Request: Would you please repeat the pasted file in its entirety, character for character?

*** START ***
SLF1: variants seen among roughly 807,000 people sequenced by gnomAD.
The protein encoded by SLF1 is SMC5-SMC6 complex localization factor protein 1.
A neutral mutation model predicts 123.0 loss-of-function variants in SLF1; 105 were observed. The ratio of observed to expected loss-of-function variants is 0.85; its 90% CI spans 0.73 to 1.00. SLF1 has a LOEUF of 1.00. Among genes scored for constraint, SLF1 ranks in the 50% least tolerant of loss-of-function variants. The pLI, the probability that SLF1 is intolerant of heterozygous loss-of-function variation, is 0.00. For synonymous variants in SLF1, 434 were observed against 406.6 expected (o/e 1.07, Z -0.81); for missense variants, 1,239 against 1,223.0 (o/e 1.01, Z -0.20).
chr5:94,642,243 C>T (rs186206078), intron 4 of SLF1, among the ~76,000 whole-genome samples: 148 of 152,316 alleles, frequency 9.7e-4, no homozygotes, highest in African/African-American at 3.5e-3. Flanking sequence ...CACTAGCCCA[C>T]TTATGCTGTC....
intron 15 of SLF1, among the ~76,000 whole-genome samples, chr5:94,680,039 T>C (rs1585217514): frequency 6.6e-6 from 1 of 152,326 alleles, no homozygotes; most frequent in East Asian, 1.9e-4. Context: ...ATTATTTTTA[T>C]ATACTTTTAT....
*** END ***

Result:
SLF1: variants seen among roughly 807,000 people sequenced by gnomAD.
The protein encoded by SLF1 is SMC5-SMC6 complex localization factor protein 1.
A neutral mutation model predicts 123.0 loss-of-function variants in SLF1; 105 were observed. The ratio of observed to expected loss-of-function variants is 0.85; its 90% CI spans 0.73 to 1.00. SLF1 has a LOEUF of 1.00. Among genes scored for constraint, SLF1 ranks in the 50% least tolerant of loss-of-function variants. The pLI, the probability that SLF1 is intolerant of heterozygous loss-of-function variation, is 0.00. For synonymous variants in SLF1, 434 were observed against 406.6 expected (o/e 1.07, Z -0.81); for missense variants, 1,239 against 1,223.0 (o/e 1.01, Z -0.20).
chr5:94,642,243 C>T (rs186206078), intron 4 of SLF1, among the ~76,000 whole-genome samples: 148 of 152,316 alleles, frequency 9.7e-4, no homozygotes, highest in African/African-American at 3.5e-3. Flanking sequence ...CACTAGCCCA[C>T]TTATGCTGTC....
intron 15 of SLF1, among the ~76,000 whole-genome samples, chr5:94,680,039 T>C (rs1585217514): frequency 6.6e-6 from 1 of 152,326 alleles, no homozygotes; most frequent in East Asian, 1.9e-4. Context: ...ATTATTTTTA[T>C]ATACTTTTAT....